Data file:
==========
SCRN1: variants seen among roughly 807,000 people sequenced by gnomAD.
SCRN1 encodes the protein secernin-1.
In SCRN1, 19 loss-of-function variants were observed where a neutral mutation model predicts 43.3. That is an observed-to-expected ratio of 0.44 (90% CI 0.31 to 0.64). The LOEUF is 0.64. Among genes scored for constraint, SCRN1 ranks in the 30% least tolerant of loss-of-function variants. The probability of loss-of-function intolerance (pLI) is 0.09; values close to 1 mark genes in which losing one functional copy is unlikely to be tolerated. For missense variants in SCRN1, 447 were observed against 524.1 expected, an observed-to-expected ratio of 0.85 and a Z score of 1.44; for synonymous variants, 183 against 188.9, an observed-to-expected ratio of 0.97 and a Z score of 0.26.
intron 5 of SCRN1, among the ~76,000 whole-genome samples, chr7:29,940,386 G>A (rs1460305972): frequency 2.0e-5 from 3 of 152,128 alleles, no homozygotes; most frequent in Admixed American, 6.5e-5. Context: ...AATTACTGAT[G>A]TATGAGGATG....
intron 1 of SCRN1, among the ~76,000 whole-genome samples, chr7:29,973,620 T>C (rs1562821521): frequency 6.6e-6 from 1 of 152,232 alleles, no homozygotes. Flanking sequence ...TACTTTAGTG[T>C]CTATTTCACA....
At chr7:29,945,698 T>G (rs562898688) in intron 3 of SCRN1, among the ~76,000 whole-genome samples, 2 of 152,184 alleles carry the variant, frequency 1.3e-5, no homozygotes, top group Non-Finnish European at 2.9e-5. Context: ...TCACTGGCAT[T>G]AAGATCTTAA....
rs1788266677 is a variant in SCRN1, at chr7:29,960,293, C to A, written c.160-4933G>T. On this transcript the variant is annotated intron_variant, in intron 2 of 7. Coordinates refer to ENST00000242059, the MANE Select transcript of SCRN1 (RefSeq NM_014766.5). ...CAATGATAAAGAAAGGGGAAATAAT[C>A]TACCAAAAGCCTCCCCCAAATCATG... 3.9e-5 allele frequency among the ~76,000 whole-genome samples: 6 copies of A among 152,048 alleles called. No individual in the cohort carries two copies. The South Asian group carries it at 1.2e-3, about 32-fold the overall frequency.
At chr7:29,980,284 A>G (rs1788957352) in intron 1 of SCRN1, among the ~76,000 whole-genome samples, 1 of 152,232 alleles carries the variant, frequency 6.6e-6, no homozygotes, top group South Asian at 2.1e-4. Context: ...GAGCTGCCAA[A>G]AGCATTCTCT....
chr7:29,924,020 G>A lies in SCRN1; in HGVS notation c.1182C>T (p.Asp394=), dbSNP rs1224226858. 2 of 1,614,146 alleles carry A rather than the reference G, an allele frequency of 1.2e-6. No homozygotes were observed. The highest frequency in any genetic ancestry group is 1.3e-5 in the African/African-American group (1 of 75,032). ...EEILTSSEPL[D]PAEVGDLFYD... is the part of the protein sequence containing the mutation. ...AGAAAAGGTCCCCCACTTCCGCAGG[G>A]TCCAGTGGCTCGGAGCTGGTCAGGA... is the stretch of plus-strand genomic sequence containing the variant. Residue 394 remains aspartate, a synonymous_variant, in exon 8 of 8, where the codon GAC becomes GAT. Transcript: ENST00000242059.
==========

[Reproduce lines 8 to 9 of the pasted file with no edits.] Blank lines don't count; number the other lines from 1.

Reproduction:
At chr7:29,980,284 A>G (rs1788957352) in intron 1 of SCRN1, among the ~76,000 whole-genome samples, 1 of 152,232 alleles carries the variant, frequency 6.6e-6, no homozygotes, top group South Asian at 2.1e-4. Context: ...GAGCTGCCAA[A>G]AGCATTCTCT....
chr7:29,924,020 G>A lies in SCRN1; in HGVS notation c.1182C>T (p.Asp394=), dbSNP rs1224226858. 2 of 1,614,146 alleles carry A rather than the reference G, an allele frequency of 1.2e-6. No homozygotes were observed. The highest frequency in any genetic ancestry group is 1.3e-5 in the African/African-American group (1 of 75,032). ...EEILTSSEPL[D]PAEVGDLFYD... is the part of the protein sequence containing the mutation. ...AGAAAAGGTCCCCCACTTCCGCAGG[G>A]TCCAGTGGCTCGGAGCTGGTCAGGA... is the stretch of plus-strand genomic sequence containing the variant. Residue 394 remains aspartate, a synonymous_variant, in exon 8 of 8, where the codon GAC becomes GAT. Transcript: ENST00000242059.